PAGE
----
2021 is just around the corner and with it comes significant changes to the California Family Rights Act (“CFRA”) from Senate Bill (“SB”) 1383. The CFRA is the state companion statute to the federal Fair Employment and Housing Act (“FEHA”). It generally provides qualifying employees up to 12 weeks of paid or unpaid leave for the birth or adoption of a child, to care for an immediate family member with a serious health condition, or because of an inability to work because of a serious health condition. Employees qualify if they have worked for an employer for at least 12 months and have worked at least 1,250 hours in the 12-month period prior to taking CFRA leave. The law does not entitle employees to wages during CFRA leave, but employees may use accrued leave time. Furthermore, employers must keep employees on group health plans and must reinstate employees to a comparable position upon their return.
SB 1383 Significantly Expands Coverage for Employees at Small Businesses
One of the biggest changes to the CFRA is the expansion of who must comply with the CFRA’s requirements. Currently, the CFRA applies to business with 50 or more employees within a 75-mile radius. As of January 1, 2021, the CFRA will apply to businesses with 5 or more employees within a 75-mile radius. This means that many small businesses that were previously exempt must now comply with the CFRA’s leave requirements. The burden that small businesses may face with these changes cannot be understated. A small business with five employees may have to accommodate 12 weeks of leave for 20% or more of their workforce at a time under this amended policy.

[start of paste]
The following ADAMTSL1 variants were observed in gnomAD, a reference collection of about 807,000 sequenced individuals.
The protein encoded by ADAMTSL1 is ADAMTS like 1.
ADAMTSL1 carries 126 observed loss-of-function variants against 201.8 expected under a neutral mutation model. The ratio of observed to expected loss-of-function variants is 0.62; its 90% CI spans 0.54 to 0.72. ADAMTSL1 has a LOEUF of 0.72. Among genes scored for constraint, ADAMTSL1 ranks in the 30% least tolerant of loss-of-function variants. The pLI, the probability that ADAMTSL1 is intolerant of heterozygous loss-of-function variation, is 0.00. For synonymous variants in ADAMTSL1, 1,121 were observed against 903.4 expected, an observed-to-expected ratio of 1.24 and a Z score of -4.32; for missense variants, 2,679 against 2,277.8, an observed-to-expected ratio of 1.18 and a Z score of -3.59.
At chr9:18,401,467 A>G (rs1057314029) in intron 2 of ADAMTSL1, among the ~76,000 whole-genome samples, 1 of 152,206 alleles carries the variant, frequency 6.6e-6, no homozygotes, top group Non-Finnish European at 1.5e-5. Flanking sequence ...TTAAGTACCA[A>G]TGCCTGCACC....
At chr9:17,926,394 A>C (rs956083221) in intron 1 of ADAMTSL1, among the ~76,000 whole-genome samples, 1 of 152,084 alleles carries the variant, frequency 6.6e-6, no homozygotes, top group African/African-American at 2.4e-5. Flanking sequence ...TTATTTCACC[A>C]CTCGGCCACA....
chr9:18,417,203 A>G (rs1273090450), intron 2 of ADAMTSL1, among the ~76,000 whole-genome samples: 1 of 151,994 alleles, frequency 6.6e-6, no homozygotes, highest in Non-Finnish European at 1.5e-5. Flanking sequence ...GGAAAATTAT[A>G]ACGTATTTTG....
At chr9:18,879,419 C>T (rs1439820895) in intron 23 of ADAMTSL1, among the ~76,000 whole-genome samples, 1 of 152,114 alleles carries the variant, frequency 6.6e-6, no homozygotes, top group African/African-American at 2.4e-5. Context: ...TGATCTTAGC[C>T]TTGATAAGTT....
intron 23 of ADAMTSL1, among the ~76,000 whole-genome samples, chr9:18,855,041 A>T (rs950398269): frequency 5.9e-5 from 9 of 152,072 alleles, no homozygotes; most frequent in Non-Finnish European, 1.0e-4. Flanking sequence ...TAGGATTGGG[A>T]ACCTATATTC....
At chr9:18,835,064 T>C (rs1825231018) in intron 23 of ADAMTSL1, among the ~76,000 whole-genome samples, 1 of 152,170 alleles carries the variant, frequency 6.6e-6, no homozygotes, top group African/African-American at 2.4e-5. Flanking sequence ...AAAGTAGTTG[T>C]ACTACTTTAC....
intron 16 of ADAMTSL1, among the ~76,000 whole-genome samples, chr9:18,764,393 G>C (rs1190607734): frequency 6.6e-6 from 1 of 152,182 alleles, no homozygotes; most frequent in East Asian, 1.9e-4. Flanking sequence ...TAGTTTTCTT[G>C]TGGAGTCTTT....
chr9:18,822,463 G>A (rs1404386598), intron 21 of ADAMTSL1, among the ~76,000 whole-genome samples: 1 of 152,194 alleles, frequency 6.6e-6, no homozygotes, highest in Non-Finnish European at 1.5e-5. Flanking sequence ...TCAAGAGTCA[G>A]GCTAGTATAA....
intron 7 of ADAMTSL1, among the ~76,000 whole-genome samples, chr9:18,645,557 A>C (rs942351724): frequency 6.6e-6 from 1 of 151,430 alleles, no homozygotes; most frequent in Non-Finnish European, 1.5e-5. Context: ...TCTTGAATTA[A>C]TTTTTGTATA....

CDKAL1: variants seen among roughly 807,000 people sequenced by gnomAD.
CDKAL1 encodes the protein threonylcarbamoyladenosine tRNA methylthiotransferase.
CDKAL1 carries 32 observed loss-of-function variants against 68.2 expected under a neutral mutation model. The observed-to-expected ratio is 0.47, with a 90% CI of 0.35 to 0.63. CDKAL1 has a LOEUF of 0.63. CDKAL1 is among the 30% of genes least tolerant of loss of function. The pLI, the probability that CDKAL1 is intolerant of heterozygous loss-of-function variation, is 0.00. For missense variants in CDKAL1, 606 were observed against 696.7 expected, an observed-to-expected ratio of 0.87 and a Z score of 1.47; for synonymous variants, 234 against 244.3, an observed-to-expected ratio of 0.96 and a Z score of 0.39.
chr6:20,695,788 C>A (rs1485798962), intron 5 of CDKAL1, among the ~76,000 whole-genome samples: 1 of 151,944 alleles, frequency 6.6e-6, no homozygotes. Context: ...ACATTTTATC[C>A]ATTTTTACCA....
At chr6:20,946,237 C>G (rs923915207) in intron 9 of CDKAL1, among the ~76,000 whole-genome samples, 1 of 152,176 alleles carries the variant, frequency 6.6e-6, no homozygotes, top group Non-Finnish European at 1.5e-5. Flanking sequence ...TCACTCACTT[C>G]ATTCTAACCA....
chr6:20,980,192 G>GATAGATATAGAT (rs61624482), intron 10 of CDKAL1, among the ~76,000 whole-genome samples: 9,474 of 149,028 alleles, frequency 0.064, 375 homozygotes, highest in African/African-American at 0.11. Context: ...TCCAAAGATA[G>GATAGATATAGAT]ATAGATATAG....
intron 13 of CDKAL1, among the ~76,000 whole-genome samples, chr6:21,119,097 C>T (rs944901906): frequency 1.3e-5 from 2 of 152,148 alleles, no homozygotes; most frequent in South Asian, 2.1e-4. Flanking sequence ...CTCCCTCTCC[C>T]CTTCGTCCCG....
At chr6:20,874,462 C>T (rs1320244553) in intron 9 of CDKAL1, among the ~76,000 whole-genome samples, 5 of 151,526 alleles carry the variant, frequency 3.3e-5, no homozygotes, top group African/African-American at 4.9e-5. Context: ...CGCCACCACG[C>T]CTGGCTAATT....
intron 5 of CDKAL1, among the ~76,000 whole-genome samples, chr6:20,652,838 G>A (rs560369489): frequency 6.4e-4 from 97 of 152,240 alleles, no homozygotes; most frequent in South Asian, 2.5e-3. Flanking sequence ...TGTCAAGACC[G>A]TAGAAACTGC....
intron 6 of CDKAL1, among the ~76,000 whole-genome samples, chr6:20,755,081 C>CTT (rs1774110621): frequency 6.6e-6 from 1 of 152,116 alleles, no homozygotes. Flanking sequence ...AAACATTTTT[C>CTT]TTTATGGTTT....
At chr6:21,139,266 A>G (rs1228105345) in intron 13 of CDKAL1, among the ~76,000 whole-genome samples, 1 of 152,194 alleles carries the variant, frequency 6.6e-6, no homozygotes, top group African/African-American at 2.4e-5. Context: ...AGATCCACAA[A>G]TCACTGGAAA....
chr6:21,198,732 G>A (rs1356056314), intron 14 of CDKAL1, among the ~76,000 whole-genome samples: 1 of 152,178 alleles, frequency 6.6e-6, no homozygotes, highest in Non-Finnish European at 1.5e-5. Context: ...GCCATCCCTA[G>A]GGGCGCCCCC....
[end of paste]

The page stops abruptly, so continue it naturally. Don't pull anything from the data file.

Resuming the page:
SB 1383 Expands Grounds for Employees to Qualify for Leave
SB 1383 also expands the reasons for which an employee may take leave. Employees currently qualify for leave in order to care for a spouse, domestic partner, minor child, or parent with a serious health condition. SB 1383 expands the law to allow employees to qualify for leave in order to care for adult children, grandparents, grandchildren, or siblings with serious health conditions.
SB 1383 brings the CFRA in line with the FMLA by permitting leave related to active duty or call to active duty for an employee’s spouse, domestic partner, child, or parent in the United States Armed Forces.
Do you have questions as to how these extensive changes to the California Family Rights Act impact your business? Gibbs Giden can help.
Contact; Matthew Wallin, Esq.
Matthew Wallin is a senior associate in the Los Angeles office where he practices labor and employment law. He has extensive experience defending private business and public entities in litigation involving discrimination, harassment, retaliation, and wage and hour disputes. He has also defendant against assault and workplace violence claims.
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